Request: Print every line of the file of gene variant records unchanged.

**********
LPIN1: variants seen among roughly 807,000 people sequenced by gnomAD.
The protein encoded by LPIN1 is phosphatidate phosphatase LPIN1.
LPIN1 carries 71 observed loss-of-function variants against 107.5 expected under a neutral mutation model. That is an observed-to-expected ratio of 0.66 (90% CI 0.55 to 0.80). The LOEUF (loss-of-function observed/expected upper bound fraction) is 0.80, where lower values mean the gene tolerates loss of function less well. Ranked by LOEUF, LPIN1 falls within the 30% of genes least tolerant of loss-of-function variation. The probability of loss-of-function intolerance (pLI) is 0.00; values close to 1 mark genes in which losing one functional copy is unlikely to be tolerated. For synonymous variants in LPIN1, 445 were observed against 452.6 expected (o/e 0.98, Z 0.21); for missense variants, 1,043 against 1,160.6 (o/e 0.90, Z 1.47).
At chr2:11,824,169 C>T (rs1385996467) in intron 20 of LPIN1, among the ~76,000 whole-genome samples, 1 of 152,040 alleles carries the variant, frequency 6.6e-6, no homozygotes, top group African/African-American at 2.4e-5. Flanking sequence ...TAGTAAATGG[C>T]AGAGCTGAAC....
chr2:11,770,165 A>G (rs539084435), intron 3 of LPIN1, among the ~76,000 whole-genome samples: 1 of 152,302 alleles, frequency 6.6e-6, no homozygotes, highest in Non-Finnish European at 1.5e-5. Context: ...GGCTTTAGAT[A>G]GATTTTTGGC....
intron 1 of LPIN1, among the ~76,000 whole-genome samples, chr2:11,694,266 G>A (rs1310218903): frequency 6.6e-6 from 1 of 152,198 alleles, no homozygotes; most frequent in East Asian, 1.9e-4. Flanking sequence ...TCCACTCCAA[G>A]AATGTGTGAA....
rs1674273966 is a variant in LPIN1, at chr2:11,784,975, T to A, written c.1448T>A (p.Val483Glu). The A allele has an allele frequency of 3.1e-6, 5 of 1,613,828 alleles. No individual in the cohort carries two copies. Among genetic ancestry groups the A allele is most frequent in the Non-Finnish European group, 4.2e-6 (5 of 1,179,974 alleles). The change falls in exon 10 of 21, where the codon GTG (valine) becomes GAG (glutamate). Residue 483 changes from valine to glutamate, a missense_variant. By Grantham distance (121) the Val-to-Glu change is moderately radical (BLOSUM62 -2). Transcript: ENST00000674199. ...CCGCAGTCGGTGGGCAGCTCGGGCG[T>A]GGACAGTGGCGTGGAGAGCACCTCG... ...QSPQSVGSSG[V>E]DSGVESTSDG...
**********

LPIN1: variants seen among roughly 807,000 people sequenced by gnomAD.
The protein encoded by LPIN1 is phosphatidate phosphatase LPIN1.
LPIN1 carries 71 observed loss-of-function variants against 107.5 expected under a neutral mutation model. That is an observed-to-expected ratio of 0.66 (90% CI 0.55 to 0.80). The LOEUF (loss-of-function observed/expected upper bound fraction) is 0.80, where lower values mean the gene tolerates loss of function less well. Ranked by LOEUF, LPIN1 falls within the 30% of genes least tolerant of loss-of-function variation. The probability of loss-of-function intolerance (pLI) is 0.00; values close to 1 mark genes in which losing one functional copy is unlikely to be tolerated. For synonymous variants in LPIN1, 445 were observed against 452.6 expected (o/e 0.98, Z 0.21); for missense variants, 1,043 against 1,160.6 (o/e 0.90, Z 1.47).
At chr2:11,824,169 C>T (rs1385996467) in intron 20 of LPIN1, among the ~76,000 whole-genome samples, 1 of 152,040 alleles carries the variant, frequency 6.6e-6, no homozygotes, top group African/African-American at 2.4e-5. Flanking sequence ...TAGTAAATGG[C>T]AGAGCTGAAC....
chr2:11,770,165 A>G (rs539084435), intron 3 of LPIN1, among the ~76,000 whole-genome samples: 1 of 152,302 alleles, frequency 6.6e-6, no homozygotes, highest in Non-Finnish European at 1.5e-5. Context: ...GGCTTTAGAT[A>G]GATTTTTGGC....
intron 1 of LPIN1, among the ~76,000 whole-genome samples, chr2:11,694,266 G>A (rs1310218903): frequency 6.6e-6 from 1 of 152,198 alleles, no homozygotes; most frequent in East Asian, 1.9e-4. Flanking sequence ...TCCACTCCAA[G>A]AATGTGTGAA....
rs1674273966 is a variant in LPIN1, at chr2:11,784,975, T to A, written c.1448T>A (p.Val483Glu). The A allele has an allele frequency of 3.1e-6, 5 of 1,613,828 alleles. No individual in the cohort carries two copies. Among genetic ancestry groups the A allele is most frequent in the Non-Finnish European group, 4.2e-6 (5 of 1,179,974 alleles). The change falls in exon 10 of 21, where the codon GTG (valine) becomes GAG (glutamate). Residue 483 changes from valine to glutamate, a missense_variant. By Grantham distance (121) the Val-to-Glu change is moderately radical (BLOSUM62 -2). Transcript: ENST00000674199. ...CCGCAGTCGGTGGGCAGCTCGGGCG[T>A]GGACAGTGGCGTGGAGAGCACCTCG... ...QSPQSVGSSG[V>E]DSGVESTSDG...